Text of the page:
'Fury' Review: Superb, Violent and Deeply Christian WWII Drama

'Fury' Review: Superb, Violent and Deeply Christian WWII Drama

SPOILER WARNING: Though I won’t reveal plot points, there’s no way to talk about what makes “Fury” special without revealing its theme, which is a spoiler. This happens in the paragraph directly below and throughout. You’ve been warned.

Other than being a compelling, nailed-to-your seat from start-to-finish brutally violent war film, writer/director David Ayer’s “Fury” throws a narrative curveball you never see coming. “Fury” is a war film only on the surface. Within we are treated to an inexpressibly moving story of men dehumanized by war who find their redemption through Christ and duty.

Ayers hints at what’s to come with an opening image straight out of the Book of Revelation.

It’s April of 1945. The Nazis will surrender in less than a month. Until then, the SS is throwing everything they have at the advancing allied forces, including German children. The war is over. The Americans are deep inside German territory and on an inevitable march to Berlin. All that remains is madness, and in this madness holding on to your humanity and surviving is no longer an option.  

Don “Wardaddy” Collier (Brad Pitt), a battle scarred Army Sergeant, has kept his 5-man tank crew together and alive … until now. We don’t see the battle that cost Collier a man and left that man’s face lying around like a dirty t-shirt. We don’t need to. The scene is a nightmare of smoke, fire, twisted metal, and dead and broken men.

The death of their comrade rattled whatever sense of invincibility the surviving men had. Together since Africa, and although they have nothing in common, they are/were family — the kind of family that gets through a day by constantly digging at each other’s softest spots. This is a survival technique that keeps those spots numbed.

The men go by their war names: There’s “Bible” (Shia LaBeouf), so named for his Christian religious convictions; “Gordo” (Michael Pena), an alcoholic Mexican who “speaks Mexican,” and “Coon-Ass” (John Bernthal), a belligerent Southerner barely holding it together.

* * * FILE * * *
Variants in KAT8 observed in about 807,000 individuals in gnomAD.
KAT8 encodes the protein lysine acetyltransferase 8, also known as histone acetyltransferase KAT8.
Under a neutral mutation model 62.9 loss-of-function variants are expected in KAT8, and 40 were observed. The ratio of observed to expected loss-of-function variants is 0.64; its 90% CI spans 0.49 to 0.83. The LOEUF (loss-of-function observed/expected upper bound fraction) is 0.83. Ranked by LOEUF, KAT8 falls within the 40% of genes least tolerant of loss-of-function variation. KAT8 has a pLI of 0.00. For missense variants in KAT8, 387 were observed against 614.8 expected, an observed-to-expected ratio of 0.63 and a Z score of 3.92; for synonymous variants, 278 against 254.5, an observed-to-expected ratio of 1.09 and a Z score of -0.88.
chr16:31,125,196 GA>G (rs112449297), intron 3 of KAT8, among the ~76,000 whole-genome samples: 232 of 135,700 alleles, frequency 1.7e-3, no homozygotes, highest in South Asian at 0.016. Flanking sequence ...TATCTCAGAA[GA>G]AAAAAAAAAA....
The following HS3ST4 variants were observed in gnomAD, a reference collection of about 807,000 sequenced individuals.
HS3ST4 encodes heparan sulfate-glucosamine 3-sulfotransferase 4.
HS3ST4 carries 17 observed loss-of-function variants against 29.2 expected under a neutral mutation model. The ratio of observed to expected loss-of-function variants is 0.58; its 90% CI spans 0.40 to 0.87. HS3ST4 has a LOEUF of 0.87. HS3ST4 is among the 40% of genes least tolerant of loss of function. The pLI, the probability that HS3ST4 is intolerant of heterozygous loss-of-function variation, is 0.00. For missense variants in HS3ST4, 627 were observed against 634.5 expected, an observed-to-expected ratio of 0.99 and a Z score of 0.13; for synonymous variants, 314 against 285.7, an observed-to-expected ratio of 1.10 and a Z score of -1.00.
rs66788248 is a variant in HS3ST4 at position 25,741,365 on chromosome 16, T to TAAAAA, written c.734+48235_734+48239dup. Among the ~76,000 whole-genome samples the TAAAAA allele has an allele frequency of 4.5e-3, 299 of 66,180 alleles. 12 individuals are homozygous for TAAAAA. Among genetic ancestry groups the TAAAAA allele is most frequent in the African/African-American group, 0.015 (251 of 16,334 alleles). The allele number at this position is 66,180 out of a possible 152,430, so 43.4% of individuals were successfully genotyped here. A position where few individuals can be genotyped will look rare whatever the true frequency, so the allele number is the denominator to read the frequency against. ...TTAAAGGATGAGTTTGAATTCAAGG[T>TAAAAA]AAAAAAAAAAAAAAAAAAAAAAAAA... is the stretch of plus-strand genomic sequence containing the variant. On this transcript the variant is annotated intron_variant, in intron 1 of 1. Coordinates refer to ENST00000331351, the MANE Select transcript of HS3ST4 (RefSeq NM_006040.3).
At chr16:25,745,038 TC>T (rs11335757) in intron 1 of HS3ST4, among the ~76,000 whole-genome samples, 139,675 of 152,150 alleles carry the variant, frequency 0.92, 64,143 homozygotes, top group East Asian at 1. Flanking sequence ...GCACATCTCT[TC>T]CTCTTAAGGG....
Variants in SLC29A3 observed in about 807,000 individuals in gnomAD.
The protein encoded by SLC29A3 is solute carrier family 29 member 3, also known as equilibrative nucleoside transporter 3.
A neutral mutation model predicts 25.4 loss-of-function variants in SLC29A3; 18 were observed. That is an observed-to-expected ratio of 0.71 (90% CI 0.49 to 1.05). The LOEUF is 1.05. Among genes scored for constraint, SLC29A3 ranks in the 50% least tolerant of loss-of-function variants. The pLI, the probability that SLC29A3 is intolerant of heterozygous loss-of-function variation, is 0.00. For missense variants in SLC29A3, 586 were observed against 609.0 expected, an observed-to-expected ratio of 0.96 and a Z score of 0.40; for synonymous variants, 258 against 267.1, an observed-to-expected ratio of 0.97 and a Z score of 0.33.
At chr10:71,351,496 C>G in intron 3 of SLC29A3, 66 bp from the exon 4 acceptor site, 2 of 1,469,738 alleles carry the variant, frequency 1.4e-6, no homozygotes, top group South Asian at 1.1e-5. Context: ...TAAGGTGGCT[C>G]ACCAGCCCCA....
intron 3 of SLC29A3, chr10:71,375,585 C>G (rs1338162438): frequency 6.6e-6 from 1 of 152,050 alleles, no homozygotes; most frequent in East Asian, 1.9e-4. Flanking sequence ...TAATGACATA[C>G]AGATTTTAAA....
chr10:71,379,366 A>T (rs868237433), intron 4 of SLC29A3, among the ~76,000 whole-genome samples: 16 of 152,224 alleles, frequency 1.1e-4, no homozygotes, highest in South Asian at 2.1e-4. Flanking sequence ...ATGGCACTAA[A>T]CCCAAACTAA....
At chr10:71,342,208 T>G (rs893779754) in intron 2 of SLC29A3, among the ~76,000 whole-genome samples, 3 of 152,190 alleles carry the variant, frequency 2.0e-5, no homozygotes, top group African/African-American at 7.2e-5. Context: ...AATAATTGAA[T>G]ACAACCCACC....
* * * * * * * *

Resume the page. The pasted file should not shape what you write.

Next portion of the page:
Fresh from just eight weeks in the Army as a typist comes Norman, the wide-eyed naïf assigned as a replacement. The hazing from his new tank-mates is merciless, and when Norman is slow to machine gun an armed German boy, his initiation into killing is an unspeakable (and un-American) war crime.

By this time, I thought I had “Fury” figured out. Everything good and decent had been mocked and smeared, including the mythology of the Greatest Generation, Christianity, and innocence. Just when I was sure Ayer was staging a cynical, ugly, and  nihilistic morality play that said the price of winning a war is the humanity, the very souls, of the men who fight it, everything flipped.

Although it’s what we’re programmed to expect from modern-day Hollywood, “Fury” is not the story of Norman losing his innocence to the horrors required to survive slaughter. Very quietly, and in a way that sneaks up on you, “Fury” is the story of how Norman’s innocence “saves” the others.

The performances, especially from Pitt and LaBeouf (yes, Shia LaBeouf), are absolutely outstanding. Ayer’s craftsmanship puts a knot in your stomach almost immediately and slowly tightens it throughout. The battle scenes are spectacularly staged, shockingly violent, and not marred by cheap, spell-breaking CGI.

“Fury” is filled with memorable scenes, particularly the opening moments that lay out the dynamics of the men’s relationships, and a quiet but unpredictable and intense sequence involving breakfast with two German women. A fierce battle with a seemingly invincible German Tiger tank doesn’t allow you to breathe.

“Fury” isn’t for kids. Just like the Bible, it is filled with harrowing violence, inhumanity, corrupted and fallen men, and the eternal message of God’s grace: that no matter how far you’ve fallen or for how long, the gift of Christ’s redemption is yours for the asking.

Ayer has not only created a WWII film superior to “Saving Private Ryan,” but a complicated, mature, affecting, sincere, and unforgettable Christian film.


John Nolte on Twitter @NolteNC             


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